This course is pretty complicated. There’s a lot asked of you and not a lot of time to do it in. As such, it’s easy to gloss over some details. Here is a collection of Frequently Asked Questions to help when you feel like you’re just not quite getting something.

This FAQ is not a substitute for reading the syllabus closely and in its entirety. This is just here for clarification.


I clicked on a reading item but I’m being asked to request permission. What gives?

Many of the consumables are housed in Google Drive and require you to log in with your University NetID. They are set to be viewable by anyone at the university but not publicly or by personal Gmail accounts. Make sure you’re logged into your UA account and not with your personal Gmail. I always suggest having a separate browser profile that’s just for school. Makes these kinds of things much, much easier.

Is attendance required?

No. That said, it’s a virtual certainty that if you neither a) come to the live class sessions that are held, nor b) watch the recording later, you will be missing absolutely vital information. If you come to class you will have a vastly superior experience.

I missed a deadline. Can I still submit the assignment?


I forgot to submit something a few weeks ago. Can I submit it now?

Still nope.

So, this whole grading declaration thing… you really won’t grade unless it’s there?

I really won’t. The grading declaration serves as both a verification for you to make sure you’ve got everything required in the submission and as a means of critical self-reflection. I don’t just want you to show me what you’ve done; I want you to tell me how you did it. No declaration? No grade. Remember: you can’t even submit the assignment until the declaration quiz is done! (And don’t worry, we’ll go over it in class.)

I see the little next to your name in Slack. Are you really online?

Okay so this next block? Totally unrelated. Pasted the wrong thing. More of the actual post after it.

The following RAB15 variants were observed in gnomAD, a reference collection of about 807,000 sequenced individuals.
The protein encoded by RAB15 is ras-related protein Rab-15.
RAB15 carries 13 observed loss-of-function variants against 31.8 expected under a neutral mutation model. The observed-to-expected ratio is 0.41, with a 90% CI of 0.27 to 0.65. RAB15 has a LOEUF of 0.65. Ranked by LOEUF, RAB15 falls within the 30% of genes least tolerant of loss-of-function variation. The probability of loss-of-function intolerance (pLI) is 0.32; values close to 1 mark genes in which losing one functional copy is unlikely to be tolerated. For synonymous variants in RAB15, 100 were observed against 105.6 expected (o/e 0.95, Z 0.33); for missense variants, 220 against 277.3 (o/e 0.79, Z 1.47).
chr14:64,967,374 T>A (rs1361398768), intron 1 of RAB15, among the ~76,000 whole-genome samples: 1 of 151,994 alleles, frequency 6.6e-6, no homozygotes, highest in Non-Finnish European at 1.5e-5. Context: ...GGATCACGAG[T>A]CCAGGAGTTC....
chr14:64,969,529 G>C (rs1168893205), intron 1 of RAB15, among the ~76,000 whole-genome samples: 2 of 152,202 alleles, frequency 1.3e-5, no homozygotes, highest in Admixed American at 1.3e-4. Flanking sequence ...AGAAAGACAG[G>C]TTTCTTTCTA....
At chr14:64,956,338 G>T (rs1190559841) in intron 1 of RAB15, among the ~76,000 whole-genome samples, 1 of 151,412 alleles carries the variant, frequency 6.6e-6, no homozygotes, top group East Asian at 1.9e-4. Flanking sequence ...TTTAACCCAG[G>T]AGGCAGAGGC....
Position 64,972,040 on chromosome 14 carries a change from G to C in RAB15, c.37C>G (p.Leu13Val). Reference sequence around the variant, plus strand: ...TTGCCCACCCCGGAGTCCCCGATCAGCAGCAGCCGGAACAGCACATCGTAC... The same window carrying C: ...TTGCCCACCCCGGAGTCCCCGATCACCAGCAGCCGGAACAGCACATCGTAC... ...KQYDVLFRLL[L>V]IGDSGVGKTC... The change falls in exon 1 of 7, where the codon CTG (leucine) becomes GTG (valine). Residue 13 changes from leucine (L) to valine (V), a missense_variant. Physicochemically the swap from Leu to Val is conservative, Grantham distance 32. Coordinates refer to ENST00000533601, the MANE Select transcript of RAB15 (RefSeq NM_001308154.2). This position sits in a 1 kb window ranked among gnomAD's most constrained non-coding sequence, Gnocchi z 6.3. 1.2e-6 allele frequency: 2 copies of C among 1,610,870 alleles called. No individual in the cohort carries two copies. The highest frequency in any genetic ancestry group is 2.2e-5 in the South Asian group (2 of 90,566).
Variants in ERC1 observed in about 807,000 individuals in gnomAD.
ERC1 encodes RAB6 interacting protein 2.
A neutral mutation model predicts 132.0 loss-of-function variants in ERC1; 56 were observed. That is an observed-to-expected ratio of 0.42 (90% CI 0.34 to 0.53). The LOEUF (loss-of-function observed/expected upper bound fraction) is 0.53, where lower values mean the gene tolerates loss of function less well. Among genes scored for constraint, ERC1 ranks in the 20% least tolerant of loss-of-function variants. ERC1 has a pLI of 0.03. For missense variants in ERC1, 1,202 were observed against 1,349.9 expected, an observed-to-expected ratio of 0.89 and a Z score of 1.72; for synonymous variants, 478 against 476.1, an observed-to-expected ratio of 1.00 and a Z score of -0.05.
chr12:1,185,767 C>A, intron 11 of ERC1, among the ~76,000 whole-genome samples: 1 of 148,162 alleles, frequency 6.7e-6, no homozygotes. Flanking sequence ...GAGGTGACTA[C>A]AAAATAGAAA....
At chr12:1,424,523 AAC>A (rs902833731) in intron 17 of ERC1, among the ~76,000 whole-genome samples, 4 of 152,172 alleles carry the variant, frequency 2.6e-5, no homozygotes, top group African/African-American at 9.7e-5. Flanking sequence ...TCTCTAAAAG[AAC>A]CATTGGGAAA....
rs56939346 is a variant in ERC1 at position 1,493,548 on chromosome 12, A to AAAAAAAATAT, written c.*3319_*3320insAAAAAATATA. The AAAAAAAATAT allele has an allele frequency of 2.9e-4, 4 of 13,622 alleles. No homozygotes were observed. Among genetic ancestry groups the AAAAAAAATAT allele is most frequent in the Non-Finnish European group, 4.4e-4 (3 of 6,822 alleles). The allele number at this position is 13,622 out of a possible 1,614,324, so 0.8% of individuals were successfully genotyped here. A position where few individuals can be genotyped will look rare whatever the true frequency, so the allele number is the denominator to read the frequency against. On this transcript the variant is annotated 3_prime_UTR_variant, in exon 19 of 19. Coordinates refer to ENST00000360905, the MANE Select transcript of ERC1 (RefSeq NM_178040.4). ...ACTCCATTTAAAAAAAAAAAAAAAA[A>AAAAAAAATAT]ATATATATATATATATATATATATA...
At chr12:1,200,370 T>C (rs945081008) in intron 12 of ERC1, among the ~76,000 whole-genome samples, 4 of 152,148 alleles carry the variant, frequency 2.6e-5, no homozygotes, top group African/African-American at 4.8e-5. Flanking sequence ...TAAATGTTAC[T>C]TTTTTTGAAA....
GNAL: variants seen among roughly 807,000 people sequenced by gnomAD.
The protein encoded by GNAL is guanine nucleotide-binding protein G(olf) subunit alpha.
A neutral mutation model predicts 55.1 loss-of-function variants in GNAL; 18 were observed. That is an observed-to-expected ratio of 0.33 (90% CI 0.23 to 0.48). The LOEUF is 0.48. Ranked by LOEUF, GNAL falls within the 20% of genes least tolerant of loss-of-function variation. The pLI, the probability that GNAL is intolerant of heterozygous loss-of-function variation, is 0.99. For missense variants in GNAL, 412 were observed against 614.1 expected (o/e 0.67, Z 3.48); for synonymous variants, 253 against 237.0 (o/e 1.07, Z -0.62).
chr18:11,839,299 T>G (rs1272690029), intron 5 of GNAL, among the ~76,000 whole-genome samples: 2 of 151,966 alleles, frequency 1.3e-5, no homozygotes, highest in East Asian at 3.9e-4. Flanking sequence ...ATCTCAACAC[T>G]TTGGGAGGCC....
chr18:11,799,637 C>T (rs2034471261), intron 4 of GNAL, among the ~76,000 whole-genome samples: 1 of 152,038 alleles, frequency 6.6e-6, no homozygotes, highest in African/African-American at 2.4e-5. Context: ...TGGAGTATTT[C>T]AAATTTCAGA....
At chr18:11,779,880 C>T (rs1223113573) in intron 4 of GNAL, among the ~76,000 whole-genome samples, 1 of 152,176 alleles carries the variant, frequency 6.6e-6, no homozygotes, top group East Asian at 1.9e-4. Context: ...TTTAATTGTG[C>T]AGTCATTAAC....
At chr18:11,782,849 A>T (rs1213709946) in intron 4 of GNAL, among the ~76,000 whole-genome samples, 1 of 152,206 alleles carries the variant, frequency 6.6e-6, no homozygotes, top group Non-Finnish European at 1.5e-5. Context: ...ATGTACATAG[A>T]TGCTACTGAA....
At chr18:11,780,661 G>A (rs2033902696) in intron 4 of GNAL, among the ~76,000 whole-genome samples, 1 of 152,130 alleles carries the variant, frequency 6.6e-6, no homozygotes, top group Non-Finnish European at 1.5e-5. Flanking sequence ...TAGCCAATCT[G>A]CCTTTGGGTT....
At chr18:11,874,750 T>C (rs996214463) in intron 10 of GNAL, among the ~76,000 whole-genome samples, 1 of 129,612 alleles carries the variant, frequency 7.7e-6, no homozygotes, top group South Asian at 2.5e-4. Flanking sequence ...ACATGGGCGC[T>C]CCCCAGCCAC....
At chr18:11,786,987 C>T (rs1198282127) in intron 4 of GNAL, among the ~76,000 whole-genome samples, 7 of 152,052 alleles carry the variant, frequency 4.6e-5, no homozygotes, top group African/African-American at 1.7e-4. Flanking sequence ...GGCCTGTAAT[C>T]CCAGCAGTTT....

Probably! Only one way to check. 😊.

I missed class. Where’s the recording?

Recordings via Zoom can take some time to process in the cloud. Once it’s done (typically the next morning) I’ll put the link to the recording in Slack. I always pin this message so you can easily find them later. (The same goes for the Zoom link and the syllabus.)

Your home equipment is awesome. What is all that stuff?

I’m assuming you mean all this stuff: home studio audio equipment I run down my audio setup on my podcast.

How do you make these websites?

I use RStudio and a package called Blogdown. It’s plain text, super simple to use, and it lets me use R code right in the site, like this:

# example from https://www.r-graph-gallery.com/277-marginal-histogram-for-ggplot2.html
# load the necessary libraries

# create classic plot :
p <- ggplot(mtcars, aes(x=wt, y=mpg, color=cyl, size=cyl)) +
      geom_point() +
# add marginal histogram
p1 <- ggMarginal(p, type="histogram")

Turns into:

# show the graph!

After that, it’s a lot of trial and error! 😅

Class Specific

So, we get to design any game we want? Really?

Yup! While we touch on serious and educational games, including how one might teach with games (a la game-based learning and gamification), your final project is to submit a single document that lays out everything you need to develop a game. More on that in the assignments section.

But we’re not actually developing and making the game?

Nope. We’re solely focused on the design aspect of games in this class. If you’re taking 405 and 406 back-to-back, you’re more than welcome to actually develop in 406 (ie, INFV 406: Introduction to Game Development) the game that you designed in this class.

So it’s all theoretical?

Not entirely. Along with your final project you’ll be submitting some mock-ups of assets for your game. What these are is entirely up to you (within reason; again, see the assignment for details).

Do we design just the one game during the entire class?

Absolutely not! Throughout the class you’ll be partaking in design challenges. These have you laser focused on specific formats, mechanics, and various other aspects of game design and then creating mini games based on those. Remember: enjoying eating doesn’t make you a chef; playing a lot of games doesn’t make you a game designer. This takes practice, repetition, practice, repetition, practice, and more repetition.

I see what you did there.


So, how do the Slack channels work, again?

As you can see in the menu on the left, this class is broken down into modules that organize multiple weeks’ worth of content. The Slack channels are organized to match this:

infv405 - the general channel for non-module-specific content
infv405-module1 - for all things related to Module 1
infv405-module2 - for all things related to Module 2
infv405-module3 - you see where I’m going with this?
infv405-final - everything related to your final project
infv405-social - other than the introduction you share, for chat unrelated to class; is your band playing somewhere this weekend? Tell us here!